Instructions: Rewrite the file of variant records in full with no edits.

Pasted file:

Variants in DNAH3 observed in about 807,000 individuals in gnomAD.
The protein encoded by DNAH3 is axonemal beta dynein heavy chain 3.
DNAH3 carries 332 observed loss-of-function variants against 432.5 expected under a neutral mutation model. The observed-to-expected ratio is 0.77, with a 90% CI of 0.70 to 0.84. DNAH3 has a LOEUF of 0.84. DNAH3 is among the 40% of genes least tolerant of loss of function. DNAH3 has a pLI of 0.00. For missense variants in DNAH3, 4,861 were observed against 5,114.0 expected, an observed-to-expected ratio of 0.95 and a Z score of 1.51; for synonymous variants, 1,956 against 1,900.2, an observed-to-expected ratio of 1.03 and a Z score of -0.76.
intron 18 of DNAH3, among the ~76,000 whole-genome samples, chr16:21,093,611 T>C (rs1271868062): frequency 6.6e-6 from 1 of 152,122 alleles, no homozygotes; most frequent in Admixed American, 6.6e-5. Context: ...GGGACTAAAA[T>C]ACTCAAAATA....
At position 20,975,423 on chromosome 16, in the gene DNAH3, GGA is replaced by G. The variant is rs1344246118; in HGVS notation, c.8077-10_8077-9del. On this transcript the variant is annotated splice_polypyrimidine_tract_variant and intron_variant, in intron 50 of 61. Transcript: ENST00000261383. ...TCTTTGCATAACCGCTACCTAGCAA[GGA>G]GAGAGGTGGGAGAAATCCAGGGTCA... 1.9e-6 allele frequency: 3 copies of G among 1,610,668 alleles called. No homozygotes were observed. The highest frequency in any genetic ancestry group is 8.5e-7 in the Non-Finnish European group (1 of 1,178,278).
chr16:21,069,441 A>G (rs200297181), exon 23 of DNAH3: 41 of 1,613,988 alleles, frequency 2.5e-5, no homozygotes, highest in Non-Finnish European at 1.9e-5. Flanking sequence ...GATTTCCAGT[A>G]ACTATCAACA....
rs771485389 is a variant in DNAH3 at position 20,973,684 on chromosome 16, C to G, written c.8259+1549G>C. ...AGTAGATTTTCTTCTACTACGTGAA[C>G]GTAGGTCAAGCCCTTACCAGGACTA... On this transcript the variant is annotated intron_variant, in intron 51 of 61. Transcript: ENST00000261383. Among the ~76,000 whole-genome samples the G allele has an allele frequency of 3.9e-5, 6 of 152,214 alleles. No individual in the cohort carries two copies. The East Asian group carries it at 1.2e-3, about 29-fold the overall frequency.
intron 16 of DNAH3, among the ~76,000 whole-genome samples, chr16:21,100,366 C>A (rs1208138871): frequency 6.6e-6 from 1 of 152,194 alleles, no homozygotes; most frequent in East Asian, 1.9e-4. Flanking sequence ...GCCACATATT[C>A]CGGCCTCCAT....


Variants in DNAH3 observed in about 807,000 individuals in gnomAD.
The protein encoded by DNAH3 is axonemal beta dynein heavy chain 3.
DNAH3 carries 332 observed loss-of-function variants against 432.5 expected under a neutral mutation model. The observed-to-expected ratio is 0.77, with a 90% CI of 0.70 to 0.84. DNAH3 has a LOEUF of 0.84. DNAH3 is among the 40% of genes least tolerant of loss of function. DNAH3 has a pLI of 0.00. For missense variants in DNAH3, 4,861 were observed against 5,114.0 expected, an observed-to-expected ratio of 0.95 and a Z score of 1.51; for synonymous variants, 1,956 against 1,900.2, an observed-to-expected ratio of 1.03 and a Z score of -0.76.
intron 18 of DNAH3, among the ~76,000 whole-genome samples, chr16:21,093,611 T>C (rs1271868062): frequency 6.6e-6 from 1 of 152,122 alleles, no homozygotes; most frequent in Admixed American, 6.6e-5. Context: ...GGGACTAAAA[T>C]ACTCAAAATA....
At position 20,975,423 on chromosome 16, in the gene DNAH3, GGA is replaced by G. The variant is rs1344246118; in HGVS notation, c.8077-10_8077-9del. On this transcript the variant is annotated splice_polypyrimidine_tract_variant and intron_variant, in intron 50 of 61. Transcript: ENST00000261383. ...TCTTTGCATAACCGCTACCTAGCAA[GGA>G]GAGAGGTGGGAGAAATCCAGGGTCA... 1.9e-6 allele frequency: 3 copies of G among 1,610,668 alleles called. No homozygotes were observed. The highest frequency in any genetic ancestry group is 8.5e-7 in the Non-Finnish European group (1 of 1,178,278).
chr16:21,069,441 A>G (rs200297181), exon 23 of DNAH3: 41 of 1,613,988 alleles, frequency 2.5e-5, no homozygotes, highest in Non-Finnish European at 1.9e-5. Flanking sequence ...GATTTCCAGT[A>G]ACTATCAACA....
rs771485389 is a variant in DNAH3 at position 20,973,684 on chromosome 16, C to G, written c.8259+1549G>C. ...AGTAGATTTTCTTCTACTACGTGAA[C>G]GTAGGTCAAGCCCTTACCAGGACTA... On this transcript the variant is annotated intron_variant, in intron 51 of 61. Transcript: ENST00000261383. Among the ~76,000 whole-genome samples the G allele has an allele frequency of 3.9e-5, 6 of 152,214 alleles. No individual in the cohort carries two copies. The East Asian group carries it at 1.2e-3, about 29-fold the overall frequency.
intron 16 of DNAH3, among the ~76,000 whole-genome samples, chr16:21,100,366 C>A (rs1208138871): frequency 6.6e-6 from 1 of 152,194 alleles, no homozygotes; most frequent in East Asian, 1.9e-4. Flanking sequence ...GCCACATATT[C>A]CGGCCTCCAT....